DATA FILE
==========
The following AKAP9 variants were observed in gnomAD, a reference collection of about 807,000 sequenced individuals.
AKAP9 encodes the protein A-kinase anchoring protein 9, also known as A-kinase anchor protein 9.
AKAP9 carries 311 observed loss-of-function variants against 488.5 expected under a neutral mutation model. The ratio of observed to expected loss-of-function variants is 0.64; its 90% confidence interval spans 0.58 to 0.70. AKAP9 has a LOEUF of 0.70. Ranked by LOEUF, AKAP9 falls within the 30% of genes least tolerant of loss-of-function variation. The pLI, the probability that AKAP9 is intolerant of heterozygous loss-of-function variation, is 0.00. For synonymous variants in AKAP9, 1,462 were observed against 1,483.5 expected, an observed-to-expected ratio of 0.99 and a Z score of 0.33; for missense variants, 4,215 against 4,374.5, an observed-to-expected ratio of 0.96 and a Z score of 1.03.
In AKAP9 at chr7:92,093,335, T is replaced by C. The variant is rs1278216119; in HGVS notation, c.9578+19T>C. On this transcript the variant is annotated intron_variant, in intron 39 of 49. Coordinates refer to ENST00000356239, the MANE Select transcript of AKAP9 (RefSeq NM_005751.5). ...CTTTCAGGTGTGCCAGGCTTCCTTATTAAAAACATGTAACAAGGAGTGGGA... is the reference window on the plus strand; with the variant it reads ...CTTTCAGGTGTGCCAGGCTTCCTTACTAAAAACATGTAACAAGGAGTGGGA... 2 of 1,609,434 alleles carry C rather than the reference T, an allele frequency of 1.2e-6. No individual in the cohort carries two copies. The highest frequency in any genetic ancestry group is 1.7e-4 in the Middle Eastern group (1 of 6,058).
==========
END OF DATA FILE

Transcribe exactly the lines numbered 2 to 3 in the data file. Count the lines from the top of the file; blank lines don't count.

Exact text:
AKAP9 encodes the protein A-kinase anchoring protein 9, also known as A-kinase anchor protein 9.
AKAP9 carries 311 observed loss-of-function variants against 488.5 expected under a neutral mutation model. The ratio of observed to expected loss-of-function variants is 0.64; its 90% confidence interval spans 0.58 to 0.70. AKAP9 has a LOEUF of 0.70. Ranked by LOEUF, AKAP9 falls within the 30% of genes least tolerant of loss-of-function variation. The pLI, the probability that AKAP9 is intolerant of heterozygous loss-of-function variation, is 0.00. For synonymous variants in AKAP9, 1,462 were observed against 1,483.5 expected, an observed-to-expected ratio of 0.99 and a Z score of 0.33; for missense variants, 4,215 against 4,374.5, an observed-to-expected ratio of 0.96 and a Z score of 1.03.